holding that consent is determined under reasonable person standard even if officer subjectively believed that consent was not givenSummary of this case from United States v. Garcia
Submitted: December 14, 1999.
Filed: June 18, 2001.
Appeal from the United States District Court for the District of Nebraska, William Cambridge, J.
Jeffrey L. Thomas, argued, Omaha, NE (Jennifer L. Gilg, NE, on the brief), for appellant.
Michael G. Heavican, Asst. U.S. Atty., argued, Omaha, NE, for appellee.
Before McMILLIAN, JOHN R. GIBSON, and MAGILL, Circuit Judges.
Paul Ray Jones pled guilty to a charge of possessing cocaine with intent to distribute it, but he reserved the right to appeal the district court's denial of his motion to suppress evidence. We reverse the district court's ruling on the suppression motion and accordingly vacate Jones's conviction and sentence.
Jones arrived at Omaha's Eppley Airfield on a flight from Phoenix. As Jones left the airport, Nebraska State Patrol Investigator Richard Lutter noticed that rather than proceeding in a straight line, Jones walked around a bank of telephones. Lutter found this suspicious and began to watch Jones. He noticed that Jones looked behind him three times as he walked through the terminal and that Jones did not stop at the luggage claim, but walked straight out to the taxi stand. Lutter testified that as a trained narcotics investigator, when he sees someone go directly to the taxi stand, he suspects the person is trying to limit his or her time in the public area by moving "quickly from the airplane to a semi-secure or at least a mobile area." Lutter said that when he sees people who appear to be nervous and who proceed straight from the plane to the taxi stand, he will "talk to them on each and every occasion." Lutter therefore used his cellular phone to summon another officer and walked up to Jones at the taxi stand.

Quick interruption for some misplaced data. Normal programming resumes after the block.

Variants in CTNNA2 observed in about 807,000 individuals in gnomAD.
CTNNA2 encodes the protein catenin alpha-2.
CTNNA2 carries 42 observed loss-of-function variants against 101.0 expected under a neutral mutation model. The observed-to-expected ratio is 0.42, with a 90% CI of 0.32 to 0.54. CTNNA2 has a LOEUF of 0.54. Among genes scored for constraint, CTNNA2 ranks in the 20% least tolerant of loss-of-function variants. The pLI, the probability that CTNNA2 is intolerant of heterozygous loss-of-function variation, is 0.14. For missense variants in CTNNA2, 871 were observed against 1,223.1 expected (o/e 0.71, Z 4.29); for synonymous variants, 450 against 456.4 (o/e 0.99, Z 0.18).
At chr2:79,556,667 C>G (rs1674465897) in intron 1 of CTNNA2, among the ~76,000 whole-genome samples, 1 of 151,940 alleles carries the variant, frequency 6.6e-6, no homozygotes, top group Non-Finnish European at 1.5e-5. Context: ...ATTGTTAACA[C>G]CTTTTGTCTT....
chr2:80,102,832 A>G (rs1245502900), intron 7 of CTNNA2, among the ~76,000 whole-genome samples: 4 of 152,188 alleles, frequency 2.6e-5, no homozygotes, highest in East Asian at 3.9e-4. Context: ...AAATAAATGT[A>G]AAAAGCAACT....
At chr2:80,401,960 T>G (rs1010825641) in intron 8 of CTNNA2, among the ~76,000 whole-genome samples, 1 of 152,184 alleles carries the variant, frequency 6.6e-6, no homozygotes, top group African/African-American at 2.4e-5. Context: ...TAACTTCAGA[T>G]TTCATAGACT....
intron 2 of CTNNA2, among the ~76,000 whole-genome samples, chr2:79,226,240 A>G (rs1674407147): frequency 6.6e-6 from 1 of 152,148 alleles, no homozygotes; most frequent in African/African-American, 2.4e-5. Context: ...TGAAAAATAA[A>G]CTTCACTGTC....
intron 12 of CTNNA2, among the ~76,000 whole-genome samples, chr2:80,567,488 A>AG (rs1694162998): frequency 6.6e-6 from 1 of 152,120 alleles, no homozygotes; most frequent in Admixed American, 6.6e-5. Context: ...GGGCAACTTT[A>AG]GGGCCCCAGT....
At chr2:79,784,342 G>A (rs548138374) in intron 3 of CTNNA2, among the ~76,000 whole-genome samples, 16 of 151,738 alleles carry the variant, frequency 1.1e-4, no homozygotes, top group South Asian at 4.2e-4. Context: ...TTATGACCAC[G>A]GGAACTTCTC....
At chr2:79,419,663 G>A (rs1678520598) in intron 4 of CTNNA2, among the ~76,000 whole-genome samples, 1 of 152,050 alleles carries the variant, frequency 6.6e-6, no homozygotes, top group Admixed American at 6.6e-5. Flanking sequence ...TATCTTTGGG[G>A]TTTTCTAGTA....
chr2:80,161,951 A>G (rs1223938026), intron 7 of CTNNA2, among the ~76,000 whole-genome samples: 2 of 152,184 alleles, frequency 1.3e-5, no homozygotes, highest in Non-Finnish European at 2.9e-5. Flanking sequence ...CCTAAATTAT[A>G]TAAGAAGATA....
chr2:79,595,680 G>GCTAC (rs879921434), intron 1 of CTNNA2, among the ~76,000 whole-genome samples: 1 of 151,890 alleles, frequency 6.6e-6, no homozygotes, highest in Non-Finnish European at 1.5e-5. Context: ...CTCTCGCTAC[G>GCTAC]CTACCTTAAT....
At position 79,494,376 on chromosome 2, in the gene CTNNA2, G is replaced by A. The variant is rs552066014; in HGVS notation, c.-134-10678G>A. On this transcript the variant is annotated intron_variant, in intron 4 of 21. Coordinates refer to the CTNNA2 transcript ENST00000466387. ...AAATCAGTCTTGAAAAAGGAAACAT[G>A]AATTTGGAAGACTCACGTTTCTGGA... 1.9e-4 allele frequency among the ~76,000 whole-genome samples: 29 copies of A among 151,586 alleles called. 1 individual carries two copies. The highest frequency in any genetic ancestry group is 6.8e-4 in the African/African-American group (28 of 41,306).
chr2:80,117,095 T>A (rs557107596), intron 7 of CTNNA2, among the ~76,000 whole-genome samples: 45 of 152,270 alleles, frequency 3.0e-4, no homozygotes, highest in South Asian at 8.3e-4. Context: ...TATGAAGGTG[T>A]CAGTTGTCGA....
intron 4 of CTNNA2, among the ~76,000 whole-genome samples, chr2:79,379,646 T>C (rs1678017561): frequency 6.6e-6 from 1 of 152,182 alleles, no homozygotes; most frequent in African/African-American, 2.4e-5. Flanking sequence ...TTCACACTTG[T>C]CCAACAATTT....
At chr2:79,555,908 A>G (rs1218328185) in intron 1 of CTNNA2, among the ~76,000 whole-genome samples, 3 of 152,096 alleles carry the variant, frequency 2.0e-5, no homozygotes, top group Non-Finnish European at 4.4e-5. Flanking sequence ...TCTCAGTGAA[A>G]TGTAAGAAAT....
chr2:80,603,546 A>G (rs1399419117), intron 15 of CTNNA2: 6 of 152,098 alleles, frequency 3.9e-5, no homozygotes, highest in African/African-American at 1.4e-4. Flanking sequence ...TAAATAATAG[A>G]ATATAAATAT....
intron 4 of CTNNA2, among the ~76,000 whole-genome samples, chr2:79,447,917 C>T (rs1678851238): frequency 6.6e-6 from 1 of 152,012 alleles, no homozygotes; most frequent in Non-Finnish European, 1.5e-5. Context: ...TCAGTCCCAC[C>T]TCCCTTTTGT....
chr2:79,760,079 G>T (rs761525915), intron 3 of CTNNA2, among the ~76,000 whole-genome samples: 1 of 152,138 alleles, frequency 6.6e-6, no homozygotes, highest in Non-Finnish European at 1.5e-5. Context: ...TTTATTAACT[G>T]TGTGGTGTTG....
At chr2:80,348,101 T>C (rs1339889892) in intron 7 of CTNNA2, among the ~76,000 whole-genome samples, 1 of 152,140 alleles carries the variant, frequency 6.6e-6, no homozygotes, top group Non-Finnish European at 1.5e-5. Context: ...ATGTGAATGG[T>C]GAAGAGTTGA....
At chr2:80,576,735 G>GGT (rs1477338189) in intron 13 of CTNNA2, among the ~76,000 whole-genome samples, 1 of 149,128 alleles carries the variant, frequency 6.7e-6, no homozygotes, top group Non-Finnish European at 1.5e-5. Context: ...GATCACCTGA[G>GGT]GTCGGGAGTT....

Lutter displayed his badge to Jones and told him that he was not in trouble or under arrest. Lutter asked Jones if he would speak with him. Jones turned around to talk to Lutter. Jones complied with Lutter's requests to show identification and his plane ticket, which showed Jones's flight originated in Los Angeles, a "source city" for drugs. Lutter noticed a bulge in the front part of Jones's waistband that he thought did not appear to be part of Jones's anatomy. Lutter suspected that the bulge might be illegal contraband secured to Jones's midsection. He told Jones his job was to look for people transporting narcotics and asked Jones if he had any narcotics. Jones said no. Lutter then asked if he could search Jones and his luggage, and Jones said, "Yes, you can search my bag," and handed Lutter the bag. By this time, the other officer had arrived and was standing beside Lutter.